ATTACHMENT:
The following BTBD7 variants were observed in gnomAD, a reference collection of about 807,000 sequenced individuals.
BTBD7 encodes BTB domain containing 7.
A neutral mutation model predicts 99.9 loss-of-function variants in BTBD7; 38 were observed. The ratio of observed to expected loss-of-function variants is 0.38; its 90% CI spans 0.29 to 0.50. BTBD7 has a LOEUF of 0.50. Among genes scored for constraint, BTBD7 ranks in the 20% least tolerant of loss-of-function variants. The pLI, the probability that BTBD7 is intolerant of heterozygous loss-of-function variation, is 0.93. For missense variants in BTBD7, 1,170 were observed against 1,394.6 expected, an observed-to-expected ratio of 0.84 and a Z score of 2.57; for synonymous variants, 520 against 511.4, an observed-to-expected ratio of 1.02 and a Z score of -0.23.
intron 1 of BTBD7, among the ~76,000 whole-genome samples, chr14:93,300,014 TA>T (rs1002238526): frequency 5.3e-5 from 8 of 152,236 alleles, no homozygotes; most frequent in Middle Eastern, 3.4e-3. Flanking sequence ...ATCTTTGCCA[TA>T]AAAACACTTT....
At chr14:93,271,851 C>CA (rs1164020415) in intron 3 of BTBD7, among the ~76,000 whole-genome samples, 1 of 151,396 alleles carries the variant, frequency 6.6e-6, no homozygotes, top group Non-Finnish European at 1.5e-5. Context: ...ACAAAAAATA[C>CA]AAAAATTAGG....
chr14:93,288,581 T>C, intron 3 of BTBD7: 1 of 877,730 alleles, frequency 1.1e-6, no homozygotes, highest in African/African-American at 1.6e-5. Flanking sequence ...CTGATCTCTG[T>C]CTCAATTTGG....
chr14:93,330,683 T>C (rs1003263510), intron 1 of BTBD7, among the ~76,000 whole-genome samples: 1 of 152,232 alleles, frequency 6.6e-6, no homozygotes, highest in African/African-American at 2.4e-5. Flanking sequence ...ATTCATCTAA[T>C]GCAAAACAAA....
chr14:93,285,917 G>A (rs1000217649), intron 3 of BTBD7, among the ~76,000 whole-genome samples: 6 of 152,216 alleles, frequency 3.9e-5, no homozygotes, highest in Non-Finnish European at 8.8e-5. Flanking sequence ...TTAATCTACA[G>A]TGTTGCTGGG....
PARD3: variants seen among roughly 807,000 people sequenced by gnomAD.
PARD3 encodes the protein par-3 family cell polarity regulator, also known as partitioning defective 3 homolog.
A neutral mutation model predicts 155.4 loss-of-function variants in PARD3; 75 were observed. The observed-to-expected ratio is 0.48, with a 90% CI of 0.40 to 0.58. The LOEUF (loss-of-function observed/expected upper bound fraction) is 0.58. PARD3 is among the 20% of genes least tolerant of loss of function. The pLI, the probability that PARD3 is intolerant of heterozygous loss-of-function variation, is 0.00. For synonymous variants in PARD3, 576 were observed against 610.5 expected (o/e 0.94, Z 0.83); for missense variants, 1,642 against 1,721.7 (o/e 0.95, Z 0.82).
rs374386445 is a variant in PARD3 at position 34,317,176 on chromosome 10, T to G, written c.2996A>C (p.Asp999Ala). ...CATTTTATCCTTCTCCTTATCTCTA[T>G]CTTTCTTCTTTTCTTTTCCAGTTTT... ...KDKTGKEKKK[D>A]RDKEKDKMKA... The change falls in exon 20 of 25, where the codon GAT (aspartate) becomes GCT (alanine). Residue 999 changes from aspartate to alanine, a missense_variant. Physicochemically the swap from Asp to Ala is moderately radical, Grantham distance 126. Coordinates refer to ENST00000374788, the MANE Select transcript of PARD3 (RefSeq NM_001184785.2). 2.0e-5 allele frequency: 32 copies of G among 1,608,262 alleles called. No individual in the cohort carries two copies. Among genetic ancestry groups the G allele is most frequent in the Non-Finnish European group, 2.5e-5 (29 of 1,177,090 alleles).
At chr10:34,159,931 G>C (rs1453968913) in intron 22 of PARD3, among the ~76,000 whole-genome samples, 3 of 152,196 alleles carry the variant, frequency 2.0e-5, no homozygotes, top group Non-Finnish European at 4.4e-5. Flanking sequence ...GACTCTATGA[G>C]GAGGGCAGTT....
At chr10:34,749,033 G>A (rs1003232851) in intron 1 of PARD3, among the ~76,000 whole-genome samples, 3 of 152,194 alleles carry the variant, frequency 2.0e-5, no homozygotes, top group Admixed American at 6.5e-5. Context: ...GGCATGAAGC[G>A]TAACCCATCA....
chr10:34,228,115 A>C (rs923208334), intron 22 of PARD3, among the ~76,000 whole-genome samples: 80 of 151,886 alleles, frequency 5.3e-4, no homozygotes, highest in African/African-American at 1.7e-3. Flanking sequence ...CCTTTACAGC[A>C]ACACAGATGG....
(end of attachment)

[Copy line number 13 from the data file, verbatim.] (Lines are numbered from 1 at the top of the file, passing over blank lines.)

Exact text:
At chr10:34,159,931 G>C (rs1453968913) in intron 22 of PARD3, among the ~76,000 whole-genome samples, 3 of 152,196 alleles carry the variant, frequency 2.0e-5, no homozygotes, top group Non-Finnish European at 4.4e-5. Flanking sequence ...GACTCTATGA[G>C]GAGGGCAGTT....